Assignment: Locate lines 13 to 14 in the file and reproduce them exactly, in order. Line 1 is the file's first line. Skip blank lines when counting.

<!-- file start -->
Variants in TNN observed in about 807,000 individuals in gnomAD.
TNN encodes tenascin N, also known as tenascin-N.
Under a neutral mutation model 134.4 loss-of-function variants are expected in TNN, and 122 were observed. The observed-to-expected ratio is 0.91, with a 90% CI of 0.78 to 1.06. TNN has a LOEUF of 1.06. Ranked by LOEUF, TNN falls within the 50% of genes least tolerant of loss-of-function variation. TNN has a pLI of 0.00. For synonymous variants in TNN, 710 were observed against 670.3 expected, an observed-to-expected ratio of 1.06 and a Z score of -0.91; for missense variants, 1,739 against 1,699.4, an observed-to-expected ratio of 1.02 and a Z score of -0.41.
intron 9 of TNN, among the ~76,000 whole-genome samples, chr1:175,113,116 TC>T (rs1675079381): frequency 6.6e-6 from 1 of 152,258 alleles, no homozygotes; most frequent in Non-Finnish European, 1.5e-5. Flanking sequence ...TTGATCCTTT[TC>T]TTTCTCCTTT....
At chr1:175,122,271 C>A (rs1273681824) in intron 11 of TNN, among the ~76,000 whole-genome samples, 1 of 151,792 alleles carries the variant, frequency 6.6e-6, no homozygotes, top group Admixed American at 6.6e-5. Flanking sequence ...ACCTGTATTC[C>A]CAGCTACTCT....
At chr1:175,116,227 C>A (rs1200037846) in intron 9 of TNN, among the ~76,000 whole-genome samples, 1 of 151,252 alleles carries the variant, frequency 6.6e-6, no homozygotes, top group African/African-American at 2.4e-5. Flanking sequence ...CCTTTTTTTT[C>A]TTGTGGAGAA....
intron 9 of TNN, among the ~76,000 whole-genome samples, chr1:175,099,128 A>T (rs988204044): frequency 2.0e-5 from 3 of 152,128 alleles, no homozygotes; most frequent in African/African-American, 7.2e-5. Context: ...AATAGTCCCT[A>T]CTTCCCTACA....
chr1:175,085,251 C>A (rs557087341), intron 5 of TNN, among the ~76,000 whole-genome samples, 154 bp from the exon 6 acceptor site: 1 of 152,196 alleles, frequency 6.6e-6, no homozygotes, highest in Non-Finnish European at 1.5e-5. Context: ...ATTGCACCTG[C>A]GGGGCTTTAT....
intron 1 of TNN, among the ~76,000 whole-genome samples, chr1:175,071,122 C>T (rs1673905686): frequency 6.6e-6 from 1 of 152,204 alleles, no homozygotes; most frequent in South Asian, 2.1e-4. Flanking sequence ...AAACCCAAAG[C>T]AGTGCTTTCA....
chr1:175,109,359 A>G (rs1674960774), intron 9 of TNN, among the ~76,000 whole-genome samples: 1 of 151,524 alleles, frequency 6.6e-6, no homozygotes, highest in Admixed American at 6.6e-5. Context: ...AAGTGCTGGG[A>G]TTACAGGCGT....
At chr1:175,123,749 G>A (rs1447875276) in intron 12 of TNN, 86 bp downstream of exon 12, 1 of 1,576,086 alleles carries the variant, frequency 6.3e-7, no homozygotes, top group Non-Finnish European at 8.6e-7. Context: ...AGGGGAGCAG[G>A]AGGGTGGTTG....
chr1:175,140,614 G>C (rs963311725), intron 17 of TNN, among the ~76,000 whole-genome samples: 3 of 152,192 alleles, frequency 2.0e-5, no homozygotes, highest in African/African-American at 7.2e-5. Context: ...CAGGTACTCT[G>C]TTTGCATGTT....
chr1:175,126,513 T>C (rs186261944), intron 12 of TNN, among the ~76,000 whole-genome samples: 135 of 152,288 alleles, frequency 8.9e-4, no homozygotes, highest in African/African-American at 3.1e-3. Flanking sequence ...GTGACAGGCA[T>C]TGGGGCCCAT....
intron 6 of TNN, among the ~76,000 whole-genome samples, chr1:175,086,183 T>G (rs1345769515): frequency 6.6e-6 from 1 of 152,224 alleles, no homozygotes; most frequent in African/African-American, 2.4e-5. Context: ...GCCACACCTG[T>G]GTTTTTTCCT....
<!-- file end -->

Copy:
chr1:175,126,513 T>C (rs186261944), intron 12 of TNN, among the ~76,000 whole-genome samples: 135 of 152,288 alleles, frequency 8.9e-4, no homozygotes, highest in African/African-American at 3.1e-3. Flanking sequence ...GTGACAGGCA[T>C]TGGGGCCCAT....
intron 6 of TNN, among the ~76,000 whole-genome samples, chr1:175,086,183 T>G (rs1345769515): frequency 6.6e-6 from 1 of 152,224 alleles, no homozygotes; most frequent in African/African-American, 2.4e-5. Context: ...GCCACACCTG[T>G]GTTTTTTCCT....